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I walked into the doctor’s office and approached the receptionist. After taking my name and checking her computer, her first words were: “Your deductible is not met, and we need to take a copy of your credit card.” She said more, but her rapid fire monotone made it all but impossible to make sense of the content.

I explained that my deductible had been met earlier in the year. “There must be a mistake,” I said. She continued to repeat the same message about the deductible and the credit card as if she hadn’t heard me.

I’m not exactly sure what took my center.

It could have been:

· Her lack of acknowledgement of my concerns about the insurance.

· The way she ended every sentence as if it were a question, even if it wasn’t? You know what I mean?

· The feeling I had that I was just another (annoying) patient.

I wish I could say that I caught the Ki moment and regained my center. But, alas! I continued to fight a losing battle. I finally gave in and walked huffily toward the waiting area, showing contempt in the usual passive-aggressive ways: staring, sighing, and, yes … I may have rolled my eyes.

Managing Hot Buttons

I’ve written before about my hot buttons with “bad customer service,” and over the years I’ve given a lot of thought to what triggers my uncenteredness. Sometimes it’s the pitch or quality of the person’s voice, the lack of eye contact, or the seeming absence of empathy and human connection.

Regardless of the cause, I am the one having the reaction, and that’s the only piece of this that I can control. I don’t like losing my poise in this way. And, despite this recent episode, I am making positive progress. I practice in the following ways:

#1) Center First

Looking back at my visit to the doctor’s office, I was uncentered going in. I was slightly late, had difficulty parking, and entered the office off balance. Because I know that dealing with receptionists and other administrative and service representatives can be off-putting, I make it a practice now to catch myself before I enter into the phone call or face-to-face conversation. Entering centered is something I can control.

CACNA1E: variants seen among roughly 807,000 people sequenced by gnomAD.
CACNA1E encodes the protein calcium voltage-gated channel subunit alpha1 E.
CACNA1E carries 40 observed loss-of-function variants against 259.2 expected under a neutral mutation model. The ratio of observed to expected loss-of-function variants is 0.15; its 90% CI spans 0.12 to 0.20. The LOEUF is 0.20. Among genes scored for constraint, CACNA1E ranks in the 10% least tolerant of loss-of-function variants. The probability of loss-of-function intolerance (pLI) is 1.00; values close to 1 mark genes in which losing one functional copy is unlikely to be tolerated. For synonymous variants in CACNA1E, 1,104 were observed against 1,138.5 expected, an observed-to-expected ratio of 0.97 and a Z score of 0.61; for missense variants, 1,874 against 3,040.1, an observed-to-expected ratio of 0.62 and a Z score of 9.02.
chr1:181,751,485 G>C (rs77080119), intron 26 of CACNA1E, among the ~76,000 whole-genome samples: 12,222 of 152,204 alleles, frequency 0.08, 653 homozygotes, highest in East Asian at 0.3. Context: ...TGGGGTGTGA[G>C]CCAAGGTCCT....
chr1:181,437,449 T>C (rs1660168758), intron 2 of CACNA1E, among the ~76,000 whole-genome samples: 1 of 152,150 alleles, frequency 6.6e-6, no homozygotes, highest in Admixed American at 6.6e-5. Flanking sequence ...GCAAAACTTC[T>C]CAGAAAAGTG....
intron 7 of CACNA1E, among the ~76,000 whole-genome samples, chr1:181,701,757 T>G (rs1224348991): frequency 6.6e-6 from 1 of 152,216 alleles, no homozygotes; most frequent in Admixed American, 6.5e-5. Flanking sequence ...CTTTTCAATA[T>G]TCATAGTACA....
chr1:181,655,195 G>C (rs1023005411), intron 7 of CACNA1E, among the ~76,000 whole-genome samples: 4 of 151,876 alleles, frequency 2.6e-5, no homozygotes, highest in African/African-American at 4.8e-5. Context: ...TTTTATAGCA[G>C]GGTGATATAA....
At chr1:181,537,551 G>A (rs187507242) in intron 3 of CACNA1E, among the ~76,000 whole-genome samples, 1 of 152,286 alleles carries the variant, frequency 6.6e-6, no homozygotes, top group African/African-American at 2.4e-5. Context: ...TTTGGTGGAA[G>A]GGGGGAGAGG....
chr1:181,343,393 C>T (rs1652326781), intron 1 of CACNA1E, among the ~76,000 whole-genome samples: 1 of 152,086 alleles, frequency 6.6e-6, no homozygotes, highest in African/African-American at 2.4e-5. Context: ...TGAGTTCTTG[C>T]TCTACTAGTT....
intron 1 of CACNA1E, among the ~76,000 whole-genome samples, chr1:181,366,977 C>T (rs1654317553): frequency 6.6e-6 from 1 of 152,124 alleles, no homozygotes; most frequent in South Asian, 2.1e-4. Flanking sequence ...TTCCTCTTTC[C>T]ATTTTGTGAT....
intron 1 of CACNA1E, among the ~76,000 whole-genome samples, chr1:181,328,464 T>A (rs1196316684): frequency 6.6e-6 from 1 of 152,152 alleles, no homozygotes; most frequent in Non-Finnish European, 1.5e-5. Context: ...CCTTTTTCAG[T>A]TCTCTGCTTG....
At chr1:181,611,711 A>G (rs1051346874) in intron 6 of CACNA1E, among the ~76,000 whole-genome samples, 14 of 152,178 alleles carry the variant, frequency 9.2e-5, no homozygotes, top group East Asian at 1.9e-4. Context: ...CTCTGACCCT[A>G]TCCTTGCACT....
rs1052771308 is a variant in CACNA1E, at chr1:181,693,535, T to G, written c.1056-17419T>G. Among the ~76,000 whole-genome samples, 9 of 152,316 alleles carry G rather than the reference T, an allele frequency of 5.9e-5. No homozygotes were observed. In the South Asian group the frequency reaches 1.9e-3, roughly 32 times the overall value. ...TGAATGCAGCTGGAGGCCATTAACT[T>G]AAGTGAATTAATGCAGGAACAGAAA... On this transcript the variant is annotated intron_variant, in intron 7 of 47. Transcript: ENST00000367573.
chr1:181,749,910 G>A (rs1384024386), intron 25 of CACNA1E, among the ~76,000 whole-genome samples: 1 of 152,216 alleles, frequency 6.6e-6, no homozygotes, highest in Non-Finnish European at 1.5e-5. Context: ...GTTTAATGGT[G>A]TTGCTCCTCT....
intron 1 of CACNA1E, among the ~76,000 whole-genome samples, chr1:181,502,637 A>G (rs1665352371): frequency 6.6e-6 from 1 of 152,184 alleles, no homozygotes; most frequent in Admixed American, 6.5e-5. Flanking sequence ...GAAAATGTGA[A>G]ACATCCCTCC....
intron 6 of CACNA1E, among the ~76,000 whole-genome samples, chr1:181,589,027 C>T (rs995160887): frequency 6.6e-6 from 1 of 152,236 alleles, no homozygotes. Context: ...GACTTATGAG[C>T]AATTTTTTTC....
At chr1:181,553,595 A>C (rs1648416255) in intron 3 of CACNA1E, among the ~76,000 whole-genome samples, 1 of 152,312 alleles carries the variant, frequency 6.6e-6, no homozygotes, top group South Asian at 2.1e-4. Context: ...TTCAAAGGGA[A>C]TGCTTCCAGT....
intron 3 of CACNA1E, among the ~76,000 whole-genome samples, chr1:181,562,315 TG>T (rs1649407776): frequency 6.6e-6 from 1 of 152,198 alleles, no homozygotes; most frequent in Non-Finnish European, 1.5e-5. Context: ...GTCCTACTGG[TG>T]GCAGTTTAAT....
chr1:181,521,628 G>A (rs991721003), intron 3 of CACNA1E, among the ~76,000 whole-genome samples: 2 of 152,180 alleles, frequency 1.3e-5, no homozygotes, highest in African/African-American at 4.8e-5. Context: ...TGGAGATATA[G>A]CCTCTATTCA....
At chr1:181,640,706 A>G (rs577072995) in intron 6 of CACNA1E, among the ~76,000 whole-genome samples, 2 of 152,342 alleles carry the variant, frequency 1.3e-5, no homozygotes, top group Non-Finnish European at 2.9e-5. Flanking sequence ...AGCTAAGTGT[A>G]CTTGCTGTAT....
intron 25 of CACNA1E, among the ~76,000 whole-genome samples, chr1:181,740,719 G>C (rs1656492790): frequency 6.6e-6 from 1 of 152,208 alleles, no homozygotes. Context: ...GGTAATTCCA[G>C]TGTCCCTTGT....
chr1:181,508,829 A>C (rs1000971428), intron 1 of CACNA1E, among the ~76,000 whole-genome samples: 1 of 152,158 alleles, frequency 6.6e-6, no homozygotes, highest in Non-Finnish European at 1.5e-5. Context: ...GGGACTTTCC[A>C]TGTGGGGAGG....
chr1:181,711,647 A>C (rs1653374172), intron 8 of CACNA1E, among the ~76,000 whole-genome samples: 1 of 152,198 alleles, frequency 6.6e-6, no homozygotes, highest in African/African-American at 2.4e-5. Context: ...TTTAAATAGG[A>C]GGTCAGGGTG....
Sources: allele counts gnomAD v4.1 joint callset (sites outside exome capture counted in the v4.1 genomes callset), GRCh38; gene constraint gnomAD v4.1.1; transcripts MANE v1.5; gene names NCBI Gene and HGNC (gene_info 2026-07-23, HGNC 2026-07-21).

#2) Exchange Names

Usually, the rep gives their name, especially on the phone. I make sure I listen for it, repeat it back, and give them mine. This helps establish a human connection and is an important first step in helping me see the rep as a person, not a voice, and not an obstacle.

#3) Adopt a Problem-Solving Stance

If you assume they really do want to help you solve a problem, you’ll treat them as a partner instead of an adversary. You’ll be easier on them and engage them in finding a solution. And you’ll model the kind of empathy you hope to see returned. If for reasons beyond your control (or theirs) the problem can’t be solved in the way you’d hoped, this problem-solving stance helps you stay curious and open to other possible solutions.

What Do I Need to Learn Here?
Interestingly, my bad behavior that day was rewarded. The doctor didn’t charge me, possibly because it was a short 5-minute followup visit, or perhaps she heard about my frustration with the administrator. It certainly helped. But the real work is up to me. When I allow someone else’s actions to trigger a reactive mind-body state, it’s time to look for the teacher hiding in the wings. What do I need to learn here?

What about you? Where are the hot buttons in your life, and what are you doing to remove them?

Judy Ringer is the author of Turn Enemies Into Allies: The Art of Peace in the Workplace and Unlikely Teachers: Finding the Hidden Gifts in Daily Conflict.

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